…it’s not about how you start the race
There are different leadership styles and character patterns comparing leaders (either male or female). As a fact, character is very crucial in defining a leader and this is the very reason why some experts and leadership authorities propose that leadership trainees and mentees focus on building comprehensive character towards leadership development.
Character, which is central to the moral and mental qualities of a person, clearly provides good justification to distinguish one individual from the other from leadership perspective. It is believed that what extricates a good leader from an incompetent one is their degree of concern for people and concern for productivity and how they both manage crises and change. Harvard Business Review (2011) on change management features John P. Kotter.
One interesting revelation for me was on ‘why transformation efforts fail’. As part of my understanding and subsequently diving deep into his mindset on change management as also authoritatively broken down into smaller units by Michael Beer and Kurt Lewin (Hughes et al 2015, Armstrong 2004), I deliberately group interesting colours to indelibly bring out the beauty in leadership patterns.
One powerful ingredient in Leadership is the staying power. I call it the homestretch. You can also call it the home straight, if you like. It is fully accepted. In athletics, it can also be referred to as the final straight or the final stretch of any kind of race. I always enjoyed watching the ten thousand metres race anywhere, any day. Beautiful lesson learned. It is not about how you start the race. It’s everything to do with how you end the race.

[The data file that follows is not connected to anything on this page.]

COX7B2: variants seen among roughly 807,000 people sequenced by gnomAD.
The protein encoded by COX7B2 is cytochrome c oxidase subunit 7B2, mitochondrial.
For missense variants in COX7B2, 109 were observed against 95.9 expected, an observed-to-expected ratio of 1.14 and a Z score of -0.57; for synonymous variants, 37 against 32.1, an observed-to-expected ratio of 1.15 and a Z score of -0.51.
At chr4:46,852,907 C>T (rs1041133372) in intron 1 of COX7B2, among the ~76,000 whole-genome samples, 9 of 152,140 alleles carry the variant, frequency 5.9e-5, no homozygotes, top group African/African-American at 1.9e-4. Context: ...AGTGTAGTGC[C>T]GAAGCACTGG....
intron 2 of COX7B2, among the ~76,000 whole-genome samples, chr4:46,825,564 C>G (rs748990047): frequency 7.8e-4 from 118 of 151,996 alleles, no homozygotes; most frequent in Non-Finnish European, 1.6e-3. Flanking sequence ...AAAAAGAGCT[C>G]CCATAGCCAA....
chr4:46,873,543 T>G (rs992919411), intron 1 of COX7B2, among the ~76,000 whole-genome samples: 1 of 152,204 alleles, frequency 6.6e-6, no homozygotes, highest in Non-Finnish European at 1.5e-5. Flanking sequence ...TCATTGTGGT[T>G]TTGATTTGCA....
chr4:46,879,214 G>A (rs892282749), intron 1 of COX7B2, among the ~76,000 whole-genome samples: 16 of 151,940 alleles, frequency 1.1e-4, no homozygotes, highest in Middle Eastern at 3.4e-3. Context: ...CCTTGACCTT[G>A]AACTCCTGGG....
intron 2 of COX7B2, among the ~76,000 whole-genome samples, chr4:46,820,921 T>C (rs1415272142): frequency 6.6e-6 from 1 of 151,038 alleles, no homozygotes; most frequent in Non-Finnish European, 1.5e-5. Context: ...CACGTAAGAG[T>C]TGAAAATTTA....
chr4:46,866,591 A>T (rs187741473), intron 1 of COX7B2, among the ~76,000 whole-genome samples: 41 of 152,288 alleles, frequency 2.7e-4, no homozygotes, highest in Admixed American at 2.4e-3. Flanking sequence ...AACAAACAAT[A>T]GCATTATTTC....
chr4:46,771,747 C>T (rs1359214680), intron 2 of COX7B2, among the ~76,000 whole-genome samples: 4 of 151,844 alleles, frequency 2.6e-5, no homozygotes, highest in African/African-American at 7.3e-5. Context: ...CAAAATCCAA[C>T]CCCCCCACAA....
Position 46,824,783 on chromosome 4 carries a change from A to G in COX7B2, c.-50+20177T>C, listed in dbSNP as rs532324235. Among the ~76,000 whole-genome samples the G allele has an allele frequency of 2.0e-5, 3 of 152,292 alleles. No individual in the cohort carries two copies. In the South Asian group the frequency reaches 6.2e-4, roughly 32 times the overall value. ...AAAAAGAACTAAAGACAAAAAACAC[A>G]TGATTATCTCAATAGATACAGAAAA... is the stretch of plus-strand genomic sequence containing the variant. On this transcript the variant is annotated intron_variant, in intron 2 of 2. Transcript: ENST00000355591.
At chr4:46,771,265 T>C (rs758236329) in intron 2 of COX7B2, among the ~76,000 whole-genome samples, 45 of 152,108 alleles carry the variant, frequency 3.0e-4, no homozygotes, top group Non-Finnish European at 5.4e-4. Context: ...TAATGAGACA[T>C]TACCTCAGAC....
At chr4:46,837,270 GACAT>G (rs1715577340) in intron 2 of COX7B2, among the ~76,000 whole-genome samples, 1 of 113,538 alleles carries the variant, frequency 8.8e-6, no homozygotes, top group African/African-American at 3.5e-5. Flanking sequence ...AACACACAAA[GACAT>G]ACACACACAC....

The homestretch is about staying power. It is about mental toughness. When you reflect on leadership as a discipline to transform situations you’ll appreciate that athletes that run the thousand metres race don’t win because they are strong in their legs and shoulders. They win because they understand the concept of homestretch. Surviving to progress within the homestretch requires strength. It is a mind thing.
Strength is not in the arms, it is in the mind (Ahenkorah 2018). The homestretch comes to test your strength mentally and physically. It asks the sensitive questions. Was that a good start? How do I finish the race? In the middle of the race, key questions come in at some point; how do I take the right steps and how do I measure my strides? Must I walk, pause or sprint? Should I scream, cry, laugh or wait until I cross the finish line? Do I have a cheer group with me without no hypocrisy? How do I motivate myself on this journey? If we are not able to answer these questions, we often breakdown on the expedition.
It doesn’t matter if the leader is a male or a female. If you are inclined to understand what homestretch really means and you build staying power to manage crisis and shocks on your leadership journey, you’ll remain unwavering even when the tower angles because you’d have built character, positive attitude and supreme behaviors towards leadership development.